How AMBER Alerts are issued could help local law enforcement with searches

Published 6:45 pm Saturday, May 13, 2017

Changes to state criteria to issue an AMBER Alert for missing children could benefit local law enforcement.

The changes were made last month at the request of Governor Kay Ivey after a vehicle was stolen with a child inside and an AMBER Alert was not issued.

Ivey asked Hal Taylor, secretary of the Alabama Law Enforcement Agency, to review the criteria, which resulted in changes.

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Chief Deputy Randy Pugh with the Dallas County Sheriff’s Department said they haven’t had many cases of missing children in the last few years, but the changes are a good thing.

“We went through a lot of it three or four years ago, but it’s been kind of quiet thank goodness,” he said.

“We had that one out at Craig one time where we thought a kid had been kidnapped, and before I could make it back to the office, one of our officers found him two or three blocks down the road. That was the closest we’ve had to an Amber Alert that I can recall over the last few years.”

Pugh said the biggest benefit with the changes is time.

“It’d be quicker for us that way we don’t have to do so much analyzing of what criteria we need just to be able to come up here and say get this out,” Pugh said. “Time is what you’re looking at there.”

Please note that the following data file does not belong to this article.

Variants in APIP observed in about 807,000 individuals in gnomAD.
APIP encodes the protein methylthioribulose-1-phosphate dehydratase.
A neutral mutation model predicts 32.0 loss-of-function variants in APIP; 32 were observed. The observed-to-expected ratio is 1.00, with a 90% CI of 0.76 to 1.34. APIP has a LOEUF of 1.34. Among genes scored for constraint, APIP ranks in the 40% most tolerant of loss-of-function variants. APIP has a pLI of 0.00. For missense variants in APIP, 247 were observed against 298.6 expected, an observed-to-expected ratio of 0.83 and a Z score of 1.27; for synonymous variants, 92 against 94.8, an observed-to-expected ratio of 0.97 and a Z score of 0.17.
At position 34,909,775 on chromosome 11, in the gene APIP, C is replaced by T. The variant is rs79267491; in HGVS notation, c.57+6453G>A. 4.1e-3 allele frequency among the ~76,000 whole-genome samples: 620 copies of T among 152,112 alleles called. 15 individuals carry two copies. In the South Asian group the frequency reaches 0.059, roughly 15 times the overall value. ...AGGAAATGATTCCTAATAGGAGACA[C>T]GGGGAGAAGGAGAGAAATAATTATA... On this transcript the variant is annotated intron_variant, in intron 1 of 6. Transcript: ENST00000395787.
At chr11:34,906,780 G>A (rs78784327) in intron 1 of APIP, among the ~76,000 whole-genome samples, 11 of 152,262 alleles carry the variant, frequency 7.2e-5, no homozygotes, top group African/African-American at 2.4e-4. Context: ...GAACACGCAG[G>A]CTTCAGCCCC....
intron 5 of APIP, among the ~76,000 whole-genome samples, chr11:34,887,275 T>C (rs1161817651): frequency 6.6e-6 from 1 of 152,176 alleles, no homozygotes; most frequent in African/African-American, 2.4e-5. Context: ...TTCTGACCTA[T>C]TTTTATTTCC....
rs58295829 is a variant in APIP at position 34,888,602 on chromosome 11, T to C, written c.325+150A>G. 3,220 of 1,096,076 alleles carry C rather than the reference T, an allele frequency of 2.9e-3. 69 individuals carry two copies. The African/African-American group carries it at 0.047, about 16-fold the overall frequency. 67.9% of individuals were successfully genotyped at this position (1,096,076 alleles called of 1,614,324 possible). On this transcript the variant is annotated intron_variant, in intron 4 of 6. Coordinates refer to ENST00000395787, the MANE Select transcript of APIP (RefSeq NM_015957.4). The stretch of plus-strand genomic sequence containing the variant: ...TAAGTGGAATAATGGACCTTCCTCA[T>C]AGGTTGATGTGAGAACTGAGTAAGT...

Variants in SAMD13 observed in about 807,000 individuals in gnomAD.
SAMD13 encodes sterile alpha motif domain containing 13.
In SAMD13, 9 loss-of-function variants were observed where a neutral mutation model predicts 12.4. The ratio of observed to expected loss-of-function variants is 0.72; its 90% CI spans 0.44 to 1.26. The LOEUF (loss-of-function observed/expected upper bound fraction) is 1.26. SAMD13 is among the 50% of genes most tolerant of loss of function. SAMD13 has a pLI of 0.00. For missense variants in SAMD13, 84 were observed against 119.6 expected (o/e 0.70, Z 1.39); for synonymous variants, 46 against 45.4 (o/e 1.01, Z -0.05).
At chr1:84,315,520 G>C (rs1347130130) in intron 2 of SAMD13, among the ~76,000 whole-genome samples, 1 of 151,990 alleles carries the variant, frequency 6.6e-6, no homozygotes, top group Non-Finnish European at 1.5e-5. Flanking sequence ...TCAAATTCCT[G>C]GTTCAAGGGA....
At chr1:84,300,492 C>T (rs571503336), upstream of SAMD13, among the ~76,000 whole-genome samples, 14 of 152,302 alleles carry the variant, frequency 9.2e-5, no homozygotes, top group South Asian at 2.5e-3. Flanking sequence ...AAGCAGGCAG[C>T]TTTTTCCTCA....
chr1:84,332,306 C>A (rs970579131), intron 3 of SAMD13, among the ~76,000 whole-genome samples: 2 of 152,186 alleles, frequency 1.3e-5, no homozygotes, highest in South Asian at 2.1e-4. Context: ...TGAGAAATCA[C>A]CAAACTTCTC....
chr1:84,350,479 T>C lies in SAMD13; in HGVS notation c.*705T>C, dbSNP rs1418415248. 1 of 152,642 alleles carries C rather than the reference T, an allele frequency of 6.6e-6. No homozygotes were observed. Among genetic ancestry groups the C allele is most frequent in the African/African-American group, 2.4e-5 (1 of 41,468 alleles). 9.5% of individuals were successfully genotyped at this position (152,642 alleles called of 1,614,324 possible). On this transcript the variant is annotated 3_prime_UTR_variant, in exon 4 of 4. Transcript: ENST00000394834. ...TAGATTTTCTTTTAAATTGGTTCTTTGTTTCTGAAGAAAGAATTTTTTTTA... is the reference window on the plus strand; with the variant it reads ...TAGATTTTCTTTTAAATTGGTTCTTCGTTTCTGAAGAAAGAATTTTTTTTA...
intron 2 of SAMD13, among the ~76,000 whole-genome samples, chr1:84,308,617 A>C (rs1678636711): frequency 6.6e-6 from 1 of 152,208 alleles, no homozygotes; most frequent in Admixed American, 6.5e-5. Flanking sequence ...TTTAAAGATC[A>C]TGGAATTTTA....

Under the new criteria, an abduction will not be required, which will allow the alert to get out quicker.

When an AMBER Alert is used, it is broadcast on television, radio, department of transportation signs and cell phones.

Selma Police Chief Spencer Collier said the changes have benefits, but he doesn’t want AMBER Alerts to become too routine.

“I don’t think there is anything wrong with it. We just have to make sure it doesn’t start getting to the criteria where people don’t pay attention to it. Oh, it’s just another Amber Alert,” Collier said.

As former secretary of ALEA, Collier has experience with AMBER Alerts.

“During my time at ALEA there were times when we used it, and there were times that we didn’t use it that we caught flack for,” he said. “One was in Prichard. The little girl was raped and murdered, and her father ended up being convicted of it, but we knew pretty early on he was a suspect.”

While the changes will make it easier for the alerts to be issued, Collier said he doesn’t want people to become complacent when they see an AMBER Alert.

“Now, as a local police chief, it probably benefits us, but the program as a whole I would want to be careful that it didn’t turn into an every day thing,” he said. “It lessens the urgency of it.”

The public can sign up for AMBER Alerts on the ALEA website at The new guidelines can be found at